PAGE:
Lecture Notes 7, Wiener Processes and Itô's Lemma

K Foster, CCNY, Spring 2010



Learning Outcomes (not directly from CFA exam for this one)

Students will be able to:

§         see how we use Itô's Lemma and the underlying stochastic calculus to set up the Black-Scholes-Merton option pricing result;


Basic Calculus

Recall from basic calculus the definition of the derivative: examine the limit,


and if both the left-hand-side (lhs) and right-hand-side (rhs) limits are equal, then we call this limit the derivative,



Re-write this to show that, for very small values of h,

                , or, in a switch of notation, replacing h with Δx,


This we can interpret along the lines of the Taylor Theorem, that for small values of x, the term xf'(x) is a good approximation to f.


The Taylor Theorem says that for a differentiable function, we can approximate local changes with derivative(s),


Which relates to the interpretation of the derivative above as basically stating that (since of course 1! = 1) the first two terms are a 'pretty good' approximation to the value of the function at f.  We can usually think of the x2 and x3 and higher-order terms as going fast towards zero, so fast that they are of negligible importance.


Recall/Learn from Advanced Calc

If we have a function of two variables, say a production function that output is made by two inputs, capital and labor, then we would write this as


and then define the marginal productivity of each input separately, as the amount by which output would increase if one input were increased but the other input held constant.  This is notated mathematically as .  If we had some general polynomial function to represent output, say that  (a funny-looking production function, I know, but the math works out easy).  Then  and


The total differential, dy, is defined as equal to the sum of the partials,


This has an easy economic interpretation: if L goes up by a little bit, ΔL, how much does output change? By MPL*ΔL.  If K goes up by ΔK, then output rises by MPK*ΔK.  If both L and K change by small amounts then we get the total differential above.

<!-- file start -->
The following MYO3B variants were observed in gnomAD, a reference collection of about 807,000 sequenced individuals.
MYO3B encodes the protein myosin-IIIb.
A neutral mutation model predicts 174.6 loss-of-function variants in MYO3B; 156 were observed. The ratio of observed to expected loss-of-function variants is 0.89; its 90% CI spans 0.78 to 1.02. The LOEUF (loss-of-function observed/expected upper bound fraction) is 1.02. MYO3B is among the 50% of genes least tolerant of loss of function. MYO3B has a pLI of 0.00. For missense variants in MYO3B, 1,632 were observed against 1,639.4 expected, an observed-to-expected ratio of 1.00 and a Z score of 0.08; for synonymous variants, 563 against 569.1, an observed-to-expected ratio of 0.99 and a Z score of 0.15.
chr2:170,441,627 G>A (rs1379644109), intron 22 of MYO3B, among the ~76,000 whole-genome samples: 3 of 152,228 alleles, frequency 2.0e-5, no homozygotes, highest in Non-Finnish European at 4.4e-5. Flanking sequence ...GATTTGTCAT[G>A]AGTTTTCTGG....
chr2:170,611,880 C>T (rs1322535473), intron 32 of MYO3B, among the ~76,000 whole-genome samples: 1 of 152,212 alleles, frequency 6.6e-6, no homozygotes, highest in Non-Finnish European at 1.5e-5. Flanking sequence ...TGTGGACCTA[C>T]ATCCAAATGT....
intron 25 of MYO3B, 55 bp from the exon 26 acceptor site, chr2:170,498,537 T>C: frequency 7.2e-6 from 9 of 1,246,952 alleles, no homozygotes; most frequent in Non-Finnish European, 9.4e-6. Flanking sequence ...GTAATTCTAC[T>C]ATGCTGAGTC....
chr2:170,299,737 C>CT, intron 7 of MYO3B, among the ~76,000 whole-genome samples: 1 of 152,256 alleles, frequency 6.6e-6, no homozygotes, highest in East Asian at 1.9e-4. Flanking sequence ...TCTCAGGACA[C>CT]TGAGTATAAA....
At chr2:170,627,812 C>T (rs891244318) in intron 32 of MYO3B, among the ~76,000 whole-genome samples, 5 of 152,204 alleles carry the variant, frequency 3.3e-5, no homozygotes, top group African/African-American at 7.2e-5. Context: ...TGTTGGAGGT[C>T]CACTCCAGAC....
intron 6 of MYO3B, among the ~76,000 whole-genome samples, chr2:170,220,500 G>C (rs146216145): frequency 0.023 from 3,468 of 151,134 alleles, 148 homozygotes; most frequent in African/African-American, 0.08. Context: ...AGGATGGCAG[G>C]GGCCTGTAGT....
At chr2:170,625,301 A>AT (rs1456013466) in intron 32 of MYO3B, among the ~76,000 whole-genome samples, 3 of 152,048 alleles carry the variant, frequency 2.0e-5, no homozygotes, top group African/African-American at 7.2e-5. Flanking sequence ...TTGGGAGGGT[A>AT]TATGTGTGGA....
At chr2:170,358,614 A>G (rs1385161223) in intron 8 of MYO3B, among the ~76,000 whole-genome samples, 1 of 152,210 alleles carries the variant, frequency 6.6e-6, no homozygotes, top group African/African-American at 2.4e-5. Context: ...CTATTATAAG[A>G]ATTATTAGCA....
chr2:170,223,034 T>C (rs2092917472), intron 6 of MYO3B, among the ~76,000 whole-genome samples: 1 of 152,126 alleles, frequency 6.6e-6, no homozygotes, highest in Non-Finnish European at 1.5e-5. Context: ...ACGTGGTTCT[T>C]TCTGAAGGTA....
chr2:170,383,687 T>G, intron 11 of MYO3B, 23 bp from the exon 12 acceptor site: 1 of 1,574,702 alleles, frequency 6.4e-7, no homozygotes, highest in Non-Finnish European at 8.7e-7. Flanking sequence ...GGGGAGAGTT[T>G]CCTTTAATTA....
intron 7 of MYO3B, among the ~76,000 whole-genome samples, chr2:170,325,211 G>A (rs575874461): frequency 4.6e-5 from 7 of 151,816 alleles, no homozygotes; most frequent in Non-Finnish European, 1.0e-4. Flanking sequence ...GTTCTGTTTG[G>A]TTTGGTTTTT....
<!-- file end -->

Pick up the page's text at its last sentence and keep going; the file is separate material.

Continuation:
Now since we are suppressing the functional notation, we could write the total differential, more cumbersomely but equivalently, as .  This is useful because, to find the second derivative, we need to find how the partial derivative with respect to L changes as K changes (i.e. how the marginal productivity of labor is affected by having more capital) as well as vice versa (how the marginal productivity of capital changes with having more labor  i.e. how the partial derivative with respect to K changes with L.  So it is natural to consider the second partial derivative just like a regular second derivative.


To put this into a bit more generality, given G(x,y) then .


What if, now, we have a chain of functions, so the function, G( ), is a function of time, t, and another function, X(t)?  In finance it is natural to think of G( ) as a payoff function of a derivative that depends on the time (whether it is at expiration) and the stock price (itself a function of time).  But for now just allow G(t,X(t)) a general existence.  Then we can express the change in the value of the function as


where since X is itself a function of time we can write

, or, in full functional notation,


which makes clearer that we first take the partial with respect to the first argument, then take the partial with respect to the second argument (which is itself a function so we use the Chain Rule).


So we've got some fearsome-looking math notation but we haven't done anything more sophisticated than using the Chain Rule.


Next we review some basic statistics that you learned.


Basic Stats

Recall the definition of the sample variance, that


which estimates the true population variance, which is


And note that if the mean is zero, µ=0, then the variance is equal to the expected value of the squared random variable;



In statistics it is often convenient to use a normal distribution, the bell-shaped distribution that arises in many circumstances.  It is useful because the (properly scaled) mean of independent random draws of many other statistical distributions will tend toward a normal distribution  this is the Central Limit Theorem. 


Some basic facts and notation: a normal distribution with mean µ and standard deviation σ is denoted N(µ,σ).  (The variance is the square of the standard deviation, σ2.)  The Standard Normal distribution is when µ=0 and σ=1; its probability density function (pdf) is denoted pdfN(x); the cumulative density function (CDF) is cdfN(x) or sometimes Nor(x).  This is a graph of the pdf (the height at any point):

and this is the CDF:


One of the basic properties of the normal distribution is that, if X is distributed normally with mean µ and standard deviation σ, then Y = A + bX is also distributed normally, with mean (A + µ) and standard deviation bσ.  We will use this particularly when we "standardize" a sample: by subtracting its mean and dividing by its standard deviation, the result should be distributed with mean zero and standard deviation 1. 


Oppositely, if we are creating random variables with a standard deviation, we can take random numbers with a N(0,1) distribution, multiply by the desired standard deviation, and add the desired mean, to get normal random numbers with any mean or standard deviation.  In Excel, you can create normally distributed random numbers by using the RAND() function to generate uniform random numbers on [0,1], then NORMSINV(RAND()) will produce standard-normal-distributed random draws.


In Matlab, of course, we can use x = random('Normal', 0, 1);


Now for the Main Act